I hate waste. When I buy a book, I finish it—even if it stinks. When a restaurant serves a so-so meal, I still clean my plate. When it’s time for a spring cleaning of my wardrobe, I have a hard time parting with clothes, even if I haven’t worn them in ages. Okay fine, maybe I’m a little cheap.
But this is also why I shed a tear whenever I come across stats like, “73 percent of data in an organization never gets used.” Data is an incredible asset, but sadly, most businesses are not using it to its fullest potential. A lot of it sits around, gathering digital dust.
Do Companies Care About Data?
It’s not that companies want to ignore their data. What we at the Sterling Woods Group usually hear from our clients is that it’s overwhelming finding a starting point. Data is scattered in the cloud, on servers, on hard drives, in SaaS platforms they license, from Google Analytics—the list goes on and on.
And according to this article from HBR, the issue is deeply rooted. In a survey of senior executives from 57 companies, a full 99 percent of them said that their firm is attempting to move towards a data-driven culture, but only one third of those respondents felt their company was succeeding. Even as more firms are appointing chief data officers (more than half the respondents to the survey held that title), firms have been unable to actually move the needle on a company-wide embrace of a digital culture.
This study demonstrates that it’s not about creating a fancy new position and spending tens of millions of dollars on the latest technology. While these are important parts of the solution, neither is a magic bullet.
Instead, a shift towards a truly digital culture starts with knowing what you’re looking for. Any self-help guru will teach you that to achieve your goals, you have to start with a crystal-clear vision of what you actually want. The same holds true with data.
That’s Where a Learning Agenda Comes In
In order to gain that clarity, we recommend developing a learning agenda. A learning agenda is a prioritized set of questions that address issues which have a direct effect on a business’s revenue-earning potential. Working towards an answer to each question will create an implementation guide and make results more predictable.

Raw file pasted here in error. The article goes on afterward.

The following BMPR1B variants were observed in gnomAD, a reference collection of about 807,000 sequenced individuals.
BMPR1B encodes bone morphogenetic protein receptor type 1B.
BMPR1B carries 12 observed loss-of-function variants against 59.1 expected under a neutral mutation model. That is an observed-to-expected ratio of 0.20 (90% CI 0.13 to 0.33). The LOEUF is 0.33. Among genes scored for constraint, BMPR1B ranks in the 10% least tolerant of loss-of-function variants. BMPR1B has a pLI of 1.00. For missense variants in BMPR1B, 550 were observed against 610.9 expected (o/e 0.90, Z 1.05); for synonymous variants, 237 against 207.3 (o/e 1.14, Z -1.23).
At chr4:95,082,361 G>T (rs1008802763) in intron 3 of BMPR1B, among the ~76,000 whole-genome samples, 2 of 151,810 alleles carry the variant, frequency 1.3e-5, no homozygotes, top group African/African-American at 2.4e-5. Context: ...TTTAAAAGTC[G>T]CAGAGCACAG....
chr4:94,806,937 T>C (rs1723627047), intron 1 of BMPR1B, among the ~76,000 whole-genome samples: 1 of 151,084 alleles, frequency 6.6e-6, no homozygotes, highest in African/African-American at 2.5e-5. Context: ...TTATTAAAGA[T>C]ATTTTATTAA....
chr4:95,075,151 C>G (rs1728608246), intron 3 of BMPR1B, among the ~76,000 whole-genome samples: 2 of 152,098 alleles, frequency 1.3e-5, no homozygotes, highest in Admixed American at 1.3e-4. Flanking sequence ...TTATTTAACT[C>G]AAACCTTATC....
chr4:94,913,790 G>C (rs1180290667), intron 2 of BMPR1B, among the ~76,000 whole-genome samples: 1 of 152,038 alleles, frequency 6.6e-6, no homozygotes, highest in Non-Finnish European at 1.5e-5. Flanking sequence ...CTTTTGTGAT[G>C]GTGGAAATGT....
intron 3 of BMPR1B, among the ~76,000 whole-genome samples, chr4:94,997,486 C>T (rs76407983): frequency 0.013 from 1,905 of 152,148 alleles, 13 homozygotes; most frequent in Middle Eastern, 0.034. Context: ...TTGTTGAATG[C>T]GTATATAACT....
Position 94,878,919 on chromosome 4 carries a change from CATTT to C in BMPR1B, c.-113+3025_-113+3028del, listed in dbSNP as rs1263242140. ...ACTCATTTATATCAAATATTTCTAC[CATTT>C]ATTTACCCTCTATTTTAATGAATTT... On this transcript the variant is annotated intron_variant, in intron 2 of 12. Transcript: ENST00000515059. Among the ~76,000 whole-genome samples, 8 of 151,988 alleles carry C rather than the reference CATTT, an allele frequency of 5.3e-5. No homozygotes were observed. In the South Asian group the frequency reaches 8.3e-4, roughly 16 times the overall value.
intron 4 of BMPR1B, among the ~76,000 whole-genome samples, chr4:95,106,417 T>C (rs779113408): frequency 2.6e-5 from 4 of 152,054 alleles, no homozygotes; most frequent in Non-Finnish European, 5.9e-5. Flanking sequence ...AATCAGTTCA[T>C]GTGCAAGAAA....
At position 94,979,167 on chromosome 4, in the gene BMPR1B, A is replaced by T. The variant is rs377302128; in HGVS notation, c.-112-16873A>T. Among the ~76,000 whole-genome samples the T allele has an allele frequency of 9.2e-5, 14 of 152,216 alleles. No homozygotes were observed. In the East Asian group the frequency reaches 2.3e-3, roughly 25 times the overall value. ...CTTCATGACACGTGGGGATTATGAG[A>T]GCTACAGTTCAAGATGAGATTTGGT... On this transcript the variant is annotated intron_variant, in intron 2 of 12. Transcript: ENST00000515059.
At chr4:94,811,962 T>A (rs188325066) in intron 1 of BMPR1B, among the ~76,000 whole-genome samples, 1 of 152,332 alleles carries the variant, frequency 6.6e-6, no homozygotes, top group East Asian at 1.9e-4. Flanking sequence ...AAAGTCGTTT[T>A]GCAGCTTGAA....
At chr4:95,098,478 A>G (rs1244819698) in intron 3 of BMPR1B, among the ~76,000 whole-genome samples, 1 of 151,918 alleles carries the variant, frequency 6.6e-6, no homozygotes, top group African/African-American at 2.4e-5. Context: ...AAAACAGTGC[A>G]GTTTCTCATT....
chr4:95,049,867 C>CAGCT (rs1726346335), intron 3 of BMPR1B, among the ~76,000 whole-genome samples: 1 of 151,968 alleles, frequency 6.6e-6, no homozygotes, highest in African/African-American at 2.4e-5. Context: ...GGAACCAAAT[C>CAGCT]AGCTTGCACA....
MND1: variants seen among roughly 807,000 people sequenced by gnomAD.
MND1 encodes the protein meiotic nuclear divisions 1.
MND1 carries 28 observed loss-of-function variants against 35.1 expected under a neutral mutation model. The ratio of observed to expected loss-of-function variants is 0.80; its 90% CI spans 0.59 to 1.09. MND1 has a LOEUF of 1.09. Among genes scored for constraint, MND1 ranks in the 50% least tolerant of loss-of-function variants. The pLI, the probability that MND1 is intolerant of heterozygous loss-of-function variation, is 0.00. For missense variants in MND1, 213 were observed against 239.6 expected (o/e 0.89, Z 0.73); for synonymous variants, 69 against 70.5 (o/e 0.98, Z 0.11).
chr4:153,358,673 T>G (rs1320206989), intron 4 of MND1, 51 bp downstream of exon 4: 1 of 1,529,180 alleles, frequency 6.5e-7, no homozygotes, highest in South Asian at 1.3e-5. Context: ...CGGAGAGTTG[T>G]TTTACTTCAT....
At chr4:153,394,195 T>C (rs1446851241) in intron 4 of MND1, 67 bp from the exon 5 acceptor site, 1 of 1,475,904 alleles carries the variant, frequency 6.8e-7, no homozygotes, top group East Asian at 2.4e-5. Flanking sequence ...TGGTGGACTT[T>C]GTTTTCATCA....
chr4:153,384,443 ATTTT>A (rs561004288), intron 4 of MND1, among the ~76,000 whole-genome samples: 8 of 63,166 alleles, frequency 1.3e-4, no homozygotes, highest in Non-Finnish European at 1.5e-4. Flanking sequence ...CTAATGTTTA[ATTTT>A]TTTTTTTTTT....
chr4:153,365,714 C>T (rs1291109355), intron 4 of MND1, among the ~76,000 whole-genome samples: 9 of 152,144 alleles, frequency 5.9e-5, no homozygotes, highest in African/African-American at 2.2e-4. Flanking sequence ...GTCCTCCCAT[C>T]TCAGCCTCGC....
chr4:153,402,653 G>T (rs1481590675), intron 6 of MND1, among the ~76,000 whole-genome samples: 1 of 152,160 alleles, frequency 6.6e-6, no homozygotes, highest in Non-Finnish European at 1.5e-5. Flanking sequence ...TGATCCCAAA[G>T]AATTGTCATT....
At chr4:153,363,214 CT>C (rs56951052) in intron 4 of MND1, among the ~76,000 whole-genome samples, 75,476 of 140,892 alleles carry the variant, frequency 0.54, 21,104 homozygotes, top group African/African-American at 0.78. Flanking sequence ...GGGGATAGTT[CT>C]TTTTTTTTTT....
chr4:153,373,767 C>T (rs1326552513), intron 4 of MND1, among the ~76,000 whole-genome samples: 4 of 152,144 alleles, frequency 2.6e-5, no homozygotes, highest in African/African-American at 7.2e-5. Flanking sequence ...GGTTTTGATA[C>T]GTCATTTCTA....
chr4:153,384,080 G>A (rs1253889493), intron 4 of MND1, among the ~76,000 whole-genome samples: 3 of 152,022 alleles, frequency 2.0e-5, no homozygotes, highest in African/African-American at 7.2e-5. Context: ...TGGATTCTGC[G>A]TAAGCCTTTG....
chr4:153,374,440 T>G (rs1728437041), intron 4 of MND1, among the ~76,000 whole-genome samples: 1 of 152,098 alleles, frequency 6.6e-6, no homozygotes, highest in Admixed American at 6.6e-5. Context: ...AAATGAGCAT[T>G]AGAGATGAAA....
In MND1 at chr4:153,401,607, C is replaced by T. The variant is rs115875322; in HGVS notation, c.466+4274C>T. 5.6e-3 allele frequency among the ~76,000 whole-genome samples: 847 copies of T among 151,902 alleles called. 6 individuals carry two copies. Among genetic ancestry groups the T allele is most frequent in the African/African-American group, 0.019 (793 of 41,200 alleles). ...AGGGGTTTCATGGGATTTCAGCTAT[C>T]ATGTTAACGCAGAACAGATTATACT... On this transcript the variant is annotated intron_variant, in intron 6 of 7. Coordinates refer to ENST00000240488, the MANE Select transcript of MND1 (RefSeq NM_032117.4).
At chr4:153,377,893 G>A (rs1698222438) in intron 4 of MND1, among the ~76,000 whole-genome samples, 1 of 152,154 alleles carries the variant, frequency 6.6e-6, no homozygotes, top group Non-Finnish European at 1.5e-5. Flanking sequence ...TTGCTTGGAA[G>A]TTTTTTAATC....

To illustrate what we mean, here are some examples of questions one might find on a learning agenda:
- Which advertising platform yields the highest ROI for our business?
- How many pieces of content does a prospect need to see before they raise their hand for a sales call?
- What sequence of events in the funnel maximizes ultimate conversion rate?
- What adjacent market would value our goods and services?
How Do You Develop a Learning Agenda?
Start by interviewing key employees. Ask them what questions and answers would help them more reliably deliver results, then catalog this list.
Now as a senior team, prioritize the list. Consider the following criteria:
- Leverage. Would answering this question lead to a one, ten, or 50 percent increase in our sales?
- Prevalence. How many people in our organization listed this question?
- Strategic Relevance. Will finding the answer to this question actively support our corporate vision?
Here’s where the fun starts. Have your data science team spec out analysis projects that can deliver answers. Come up with a workplan for what data sources are needed, what types of analyses must be done (segmentation, predictive modeling, machine learning, etc.), and how long each analysis will take.
We’ve found it’s better to tick off a small number of questions at a time. That way, when you arrive at answers, there’s sufficient bandwidth to execute against the insights.
Think of your learning agenda as a living document. It should be revisited and updated at least annually. But it’s always good to look at it quarterly—or even monthly—as your business changes. Soon enough, you’ll be wiping the cobwebs off your data and putting it to good use, driving sustainable and predictable sales growth!
Do you have any questions specific to your business? Please write, and we may feature your question and our answer in an upcoming newsletter.
About the Sterling Woods Group, LLC
The Sterling Woods Group’s mission is to help clients make sense of their data to predictably grow sales. We apply data science to help you optimize your sales funnel, improve your marketing ROI, launch new products successfully, and enter new markets profitably.
We use a hypothesis-driven, data-supported methodology to discover insights that no one else is paying attention to. Then, we help you assemble the right sales strategies, marketing plans, technologies, and resources to seize this opportunity.
About the Author
Rob Ristagno, founder and CEO of the Sterling Woods Group, previously served as a senior executive at several digital media and e-commerce businesses, including as COO of America’s Test Kitchen. Starting his career at McKinsey, his focus has always been on embracing digital technology and data science to spur strategic growth.
Rob is the author of A Member is Worth a Thousand Visitors and is a regular keynote speaker at conferences around the world. He has been featured on ABC, NBC, CBS, Fox, and Digiday.
He holds degrees from the Harvard Business School and Dartmouth College and has taught at both Harvard and Boston College.
Rob lives outside Boston, MA with his wife, Kate; daughter, Leni; and black lab, Royce.